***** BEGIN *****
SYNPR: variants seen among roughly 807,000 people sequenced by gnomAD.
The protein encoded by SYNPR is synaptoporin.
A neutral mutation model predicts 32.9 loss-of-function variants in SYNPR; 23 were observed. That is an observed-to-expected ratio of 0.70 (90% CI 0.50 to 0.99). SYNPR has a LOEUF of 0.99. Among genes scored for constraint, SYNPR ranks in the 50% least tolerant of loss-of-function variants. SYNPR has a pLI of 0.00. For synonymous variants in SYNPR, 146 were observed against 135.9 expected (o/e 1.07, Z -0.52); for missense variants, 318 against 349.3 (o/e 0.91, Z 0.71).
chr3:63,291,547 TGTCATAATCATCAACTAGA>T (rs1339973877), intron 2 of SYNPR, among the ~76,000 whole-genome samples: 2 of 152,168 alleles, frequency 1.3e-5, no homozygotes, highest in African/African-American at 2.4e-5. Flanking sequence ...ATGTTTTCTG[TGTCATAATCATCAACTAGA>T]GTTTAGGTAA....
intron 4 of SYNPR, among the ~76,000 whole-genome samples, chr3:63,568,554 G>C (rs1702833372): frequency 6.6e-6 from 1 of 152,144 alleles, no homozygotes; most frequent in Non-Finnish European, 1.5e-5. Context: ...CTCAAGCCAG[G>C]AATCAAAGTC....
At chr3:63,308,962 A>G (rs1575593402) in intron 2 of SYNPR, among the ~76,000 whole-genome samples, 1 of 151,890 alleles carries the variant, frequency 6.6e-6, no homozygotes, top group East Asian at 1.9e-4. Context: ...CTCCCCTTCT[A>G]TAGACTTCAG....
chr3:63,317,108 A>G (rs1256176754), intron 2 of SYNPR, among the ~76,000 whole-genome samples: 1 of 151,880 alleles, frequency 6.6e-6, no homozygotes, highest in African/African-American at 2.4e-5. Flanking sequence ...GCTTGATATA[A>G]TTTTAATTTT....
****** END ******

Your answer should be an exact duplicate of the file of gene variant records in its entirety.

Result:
SYNPR: variants seen among roughly 807,000 people sequenced by gnomAD.
The protein encoded by SYNPR is synaptoporin.
A neutral mutation model predicts 32.9 loss-of-function variants in SYNPR; 23 were observed. That is an observed-to-expected ratio of 0.70 (90% CI 0.50 to 0.99). SYNPR has a LOEUF of 0.99. Among genes scored for constraint, SYNPR ranks in the 50% least tolerant of loss-of-function variants. SYNPR has a pLI of 0.00. For synonymous variants in SYNPR, 146 were observed against 135.9 expected (o/e 1.07, Z -0.52); for missense variants, 318 against 349.3 (o/e 0.91, Z 0.71).
chr3:63,291,547 TGTCATAATCATCAACTAGA>T (rs1339973877), intron 2 of SYNPR, among the ~76,000 whole-genome samples: 2 of 152,168 alleles, frequency 1.3e-5, no homozygotes, highest in African/African-American at 2.4e-5. Flanking sequence ...ATGTTTTCTG[TGTCATAATCATCAACTAGA>T]GTTTAGGTAA....
intron 4 of SYNPR, among the ~76,000 whole-genome samples, chr3:63,568,554 G>C (rs1702833372): frequency 6.6e-6 from 1 of 152,144 alleles, no homozygotes; most frequent in Non-Finnish European, 1.5e-5. Context: ...CTCAAGCCAG[G>C]AATCAAAGTC....
At chr3:63,308,962 A>G (rs1575593402) in intron 2 of SYNPR, among the ~76,000 whole-genome samples, 1 of 151,890 alleles carries the variant, frequency 6.6e-6, no homozygotes, top group East Asian at 1.9e-4. Context: ...CTCCCCTTCT[A>G]TAGACTTCAG....
chr3:63,317,108 A>G (rs1256176754), intron 2 of SYNPR, among the ~76,000 whole-genome samples: 1 of 151,880 alleles, frequency 6.6e-6, no homozygotes, highest in African/African-American at 2.4e-5. Flanking sequence ...GCTTGATATA[A>G]TTTTAATTTT....